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Cricketers who'd be bottom of the pile if sorted alphabetically
January 7, 2013
A brief international career for this feisty wicketkeeper, but enough incidents to pad out a TV drama: given out for a pair on Test debut but reprieved on review to score 88; a handful of limited-overs caps, but none since a moonlight flit from Dubai, claiming match-fixers were after him for refusing their advances. Since then Zulqarnain has sought asylum in Britain (but later returned home), been briefly banned from domestic cricket, offered psychiatric help... but he's back playing now. However, there's a queue of Akmals to get past before he can get the Pakistan keeping gloves back.
India's very own "Zed", the left-arm quick bowler Zaheer has been the spearhead of the attack for some years - although recently, now 34, there have been worrying signs of a decline, not helped by injury niggles: it felt like a seminal moment when he limped out of the first Test at Lord's in 2011, and India have rarely looked right in Tests since. Still, Zaheer is close to 300 wickets in both Tests and one-day internationals.
A combative wicketkeeper from Perth, Zoehrer had a brief run behind the stumps for Australia', including the 1986-87 Ashes series, before slipping behind Ian Healy in the pecking order. Still "Ziggy" made his presence felt, doing well enough as a legspinner to push for a Test place on a couple of tours. It never quite happened, though.
One of the latest Australian legspinning prospects to be saddled with the "new Warne" tag, 20-year-old Zampa made a good start in first-class cricket, taking five cheap wickets for New South Wales against Queensland in Canberra last November. He's had some decent Big Bash performances for Sydney Thunder since, and has an outside chance of selection for the Ashes tour... unless cricket's most famous "W" makes that comeback, of course.
The captain of the United Arab Emirates team in their first World Cup, Zarawani assured himself of a footnote in history by strolling out to bat against South Africa in a sunhat rather than a helmet. Allan Donald was predictably unamused, and his first ball smacked Zarawani on the head. Although groggy, he got to his feet and batted on, but survived only seven more balls before falling for a duck, and going to hospital for a check-up. Zarawani was captain almost by default: he was the only UAE-born player in the side, although his great wealth (he owned more than a dozen luxury cars) possibly helped too.
Australia seemed to have unearthed a young star when the barrel-chested Zesers, a 20-year-old medium-pacer of Latvian descent, was part of the squad that won the 1987 World Cup. But he was dogged by shoulder problems and, despite becoming the youngest Australian to take 100 first-class wickets, was forced to retire before he turned 23. A South Australia team-mate at the time was the batsman Rob Zadow, and there were a few instances of "c Zadow b Zesers" to cheer up trivia-lovers. (Sadly none involved Tim Zoehrer, although Zesers did get him out a few times.)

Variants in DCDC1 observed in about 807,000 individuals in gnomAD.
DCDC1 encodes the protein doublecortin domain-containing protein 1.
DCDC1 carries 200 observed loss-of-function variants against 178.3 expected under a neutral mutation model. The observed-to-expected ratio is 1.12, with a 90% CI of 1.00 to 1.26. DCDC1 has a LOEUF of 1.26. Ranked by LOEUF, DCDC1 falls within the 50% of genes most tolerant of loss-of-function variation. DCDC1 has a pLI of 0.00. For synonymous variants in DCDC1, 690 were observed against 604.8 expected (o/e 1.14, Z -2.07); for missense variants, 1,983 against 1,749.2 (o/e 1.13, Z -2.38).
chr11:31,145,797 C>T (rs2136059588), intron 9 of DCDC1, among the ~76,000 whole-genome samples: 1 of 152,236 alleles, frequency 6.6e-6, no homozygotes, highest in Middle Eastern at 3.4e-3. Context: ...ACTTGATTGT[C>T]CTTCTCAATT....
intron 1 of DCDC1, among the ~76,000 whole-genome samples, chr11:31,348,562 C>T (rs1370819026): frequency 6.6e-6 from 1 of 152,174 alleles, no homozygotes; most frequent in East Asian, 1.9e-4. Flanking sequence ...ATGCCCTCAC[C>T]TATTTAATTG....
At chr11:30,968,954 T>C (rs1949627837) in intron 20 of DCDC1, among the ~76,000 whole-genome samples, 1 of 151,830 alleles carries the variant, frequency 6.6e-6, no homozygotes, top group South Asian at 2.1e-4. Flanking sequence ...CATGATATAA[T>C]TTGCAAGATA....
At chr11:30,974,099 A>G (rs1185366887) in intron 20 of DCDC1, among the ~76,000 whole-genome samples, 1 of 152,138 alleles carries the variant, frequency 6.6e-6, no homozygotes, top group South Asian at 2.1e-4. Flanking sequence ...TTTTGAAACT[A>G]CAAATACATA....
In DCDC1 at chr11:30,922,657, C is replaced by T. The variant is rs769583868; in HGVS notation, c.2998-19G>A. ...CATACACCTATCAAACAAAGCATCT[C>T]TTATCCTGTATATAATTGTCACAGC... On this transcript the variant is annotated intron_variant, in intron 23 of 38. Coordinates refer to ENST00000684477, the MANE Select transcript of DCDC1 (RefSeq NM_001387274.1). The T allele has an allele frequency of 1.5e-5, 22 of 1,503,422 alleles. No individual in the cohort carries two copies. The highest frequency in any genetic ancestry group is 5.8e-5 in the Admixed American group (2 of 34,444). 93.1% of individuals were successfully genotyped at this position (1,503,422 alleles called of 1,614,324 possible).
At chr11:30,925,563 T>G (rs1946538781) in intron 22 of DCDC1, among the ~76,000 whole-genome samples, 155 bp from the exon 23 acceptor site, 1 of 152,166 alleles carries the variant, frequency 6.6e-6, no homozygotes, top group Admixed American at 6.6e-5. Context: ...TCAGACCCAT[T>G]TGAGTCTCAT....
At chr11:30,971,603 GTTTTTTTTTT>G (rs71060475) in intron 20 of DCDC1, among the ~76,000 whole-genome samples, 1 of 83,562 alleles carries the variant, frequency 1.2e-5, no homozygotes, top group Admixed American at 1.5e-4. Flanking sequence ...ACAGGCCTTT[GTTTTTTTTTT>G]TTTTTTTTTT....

The first of the Z-men to make much of a mark in Tests, offspinner Zulfiqar had stunning figures of 37.2-19-37-5 and 46.3-21-42-6 as Pakistan crushed New Zealand in Karachi in October 1955. However, Zulfiqar's other eight Tests brought him only nine wickets, and he soon faded away, even though Abdul Hafeez Kardar, Pakistan's first captain and a great influence on their early cricket, was his brother-in-law.
It couldn't have been Brian Johnston who gave Monde Zondeki the nickname "All Hands", but it really should have been. Zondeki, a South African medium-pacer, who took a wicket (Marvan Atapattu) with his first ball in one-day internationals, then surprised everybody by batting for three hours and scoring 59 on his Test debut at Headingley in August 2003. But he proved not quite quick enough for international cricket, although he's still active on the South African domestic scene.
A big left-arm paceman from Colombo, Zoysa took a hat-trick with his first three balls in a Test against Zimbabwe in Harare in November 1999: after Chaminda Vaas started the match with a maiden, Zoysa pinned opener Trevor Gripper and the No. 4, Neil Johnson, in front, and in between had Murray Goodwin caught behind. It was the earliest hat-trick in any Test at the time, but has since been surpassed by Irfan Pathan's in the very first over for India against Pakistan in Karachi early in 2006.
Before there was Zulqarnain Haider, there was Zulqarnain: he also kept wicket for Pakistan, in three Tests in Sri Lanka early in 1986. "The latest in Pakistan's efforts to find a regular successor to Wasim Bari kept wicket well," reported Wisden. He toured England in 1987, but hardly got a game, as the noisier Salim Yousuf, a better batsman, made the place his own.
And finally the "Zed" who was so well known that that was what he called his 1983 autobiography. Abbas was a beautiful batsman to watch, for Pakistan or Gloucestershire, and specialised in big scores: there were two silky Test double-centuries against England, and a record eight instances of two hundreds in the same first-class match. And all this while (usually) wearing glasses, which did perhaps make him a little susceptible to extreme pace. Still, Zaheer averaged over 50 in first-class cricket, a respectable 45 in Tests, and a lofty 47 in one-day internationals. He had to be in here, much as I wanted to end this XI with Gratney Rodolph Zwilchenbart-Erskine (who played for Eton in the 1880s) or Georgina Zucchini-Watts of Leeds Women.
Steven Lynch is the editor of the Wisden Guide to International Cricket 2013. Ask Steven is now on FacebookFeeds: Steven Lynch
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